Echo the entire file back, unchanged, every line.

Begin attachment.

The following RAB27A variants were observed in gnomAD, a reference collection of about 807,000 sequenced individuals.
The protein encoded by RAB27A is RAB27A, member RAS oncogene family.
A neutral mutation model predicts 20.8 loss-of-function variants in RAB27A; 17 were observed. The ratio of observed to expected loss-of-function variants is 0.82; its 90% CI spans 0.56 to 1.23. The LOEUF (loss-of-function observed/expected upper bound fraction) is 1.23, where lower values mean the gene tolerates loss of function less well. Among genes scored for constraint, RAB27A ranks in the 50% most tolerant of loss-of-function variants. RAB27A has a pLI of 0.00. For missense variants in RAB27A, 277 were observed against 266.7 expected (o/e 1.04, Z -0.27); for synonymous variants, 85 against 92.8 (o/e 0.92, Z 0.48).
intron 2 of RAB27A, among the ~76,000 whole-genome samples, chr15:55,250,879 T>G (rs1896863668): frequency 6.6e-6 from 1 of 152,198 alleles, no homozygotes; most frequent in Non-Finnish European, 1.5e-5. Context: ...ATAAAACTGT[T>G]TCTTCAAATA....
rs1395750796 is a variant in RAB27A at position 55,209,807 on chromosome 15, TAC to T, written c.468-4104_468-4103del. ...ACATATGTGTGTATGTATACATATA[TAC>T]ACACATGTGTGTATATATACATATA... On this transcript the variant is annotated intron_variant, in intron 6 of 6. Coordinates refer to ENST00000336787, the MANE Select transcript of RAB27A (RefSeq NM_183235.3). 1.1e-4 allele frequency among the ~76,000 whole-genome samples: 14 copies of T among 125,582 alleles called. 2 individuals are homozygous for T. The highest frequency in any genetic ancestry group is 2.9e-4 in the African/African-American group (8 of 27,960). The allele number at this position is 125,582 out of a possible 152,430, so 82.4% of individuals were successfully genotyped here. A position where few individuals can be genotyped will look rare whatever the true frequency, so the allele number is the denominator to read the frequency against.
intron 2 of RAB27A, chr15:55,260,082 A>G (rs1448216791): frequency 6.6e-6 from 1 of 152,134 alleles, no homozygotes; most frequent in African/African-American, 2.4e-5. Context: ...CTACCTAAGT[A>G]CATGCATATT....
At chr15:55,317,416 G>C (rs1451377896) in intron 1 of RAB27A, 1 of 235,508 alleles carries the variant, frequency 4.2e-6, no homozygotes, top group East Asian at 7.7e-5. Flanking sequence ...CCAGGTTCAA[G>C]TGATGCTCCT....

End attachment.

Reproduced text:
The following RAB27A variants were observed in gnomAD, a reference collection of about 807,000 sequenced individuals.
The protein encoded by RAB27A is RAB27A, member RAS oncogene family.
A neutral mutation model predicts 20.8 loss-of-function variants in RAB27A; 17 were observed. The ratio of observed to expected loss-of-function variants is 0.82; its 90% CI spans 0.56 to 1.23. The LOEUF (loss-of-function observed/expected upper bound fraction) is 1.23, where lower values mean the gene tolerates loss of function less well. Among genes scored for constraint, RAB27A ranks in the 50% most tolerant of loss-of-function variants. RAB27A has a pLI of 0.00. For missense variants in RAB27A, 277 were observed against 266.7 expected (o/e 1.04, Z -0.27); for synonymous variants, 85 against 92.8 (o/e 0.92, Z 0.48).
intron 2 of RAB27A, among the ~76,000 whole-genome samples, chr15:55,250,879 T>G (rs1896863668): frequency 6.6e-6 from 1 of 152,198 alleles, no homozygotes; most frequent in Non-Finnish European, 1.5e-5. Context: ...ATAAAACTGT[T>G]TCTTCAAATA....
rs1395750796 is a variant in RAB27A at position 55,209,807 on chromosome 15, TAC to T, written c.468-4104_468-4103del. ...ACATATGTGTGTATGTATACATATA[TAC>T]ACACATGTGTGTATATATACATATA... On this transcript the variant is annotated intron_variant, in intron 6 of 6. Coordinates refer to ENST00000336787, the MANE Select transcript of RAB27A (RefSeq NM_183235.3). 1.1e-4 allele frequency among the ~76,000 whole-genome samples: 14 copies of T among 125,582 alleles called. 2 individuals are homozygous for T. The highest frequency in any genetic ancestry group is 2.9e-4 in the African/African-American group (8 of 27,960). The allele number at this position is 125,582 out of a possible 152,430, so 82.4% of individuals were successfully genotyped here. A position where few individuals can be genotyped will look rare whatever the true frequency, so the allele number is the denominator to read the frequency against.
intron 2 of RAB27A, chr15:55,260,082 A>G (rs1448216791): frequency 6.6e-6 from 1 of 152,134 alleles, no homozygotes; most frequent in African/African-American, 2.4e-5. Context: ...CTACCTAAGT[A>G]CATGCATATT....
At chr15:55,317,416 G>C (rs1451377896) in intron 1 of RAB27A, 1 of 235,508 alleles carries the variant, frequency 4.2e-6, no homozygotes, top group East Asian at 7.7e-5. Flanking sequence ...CCAGGTTCAA[G>C]TGATGCTCCT....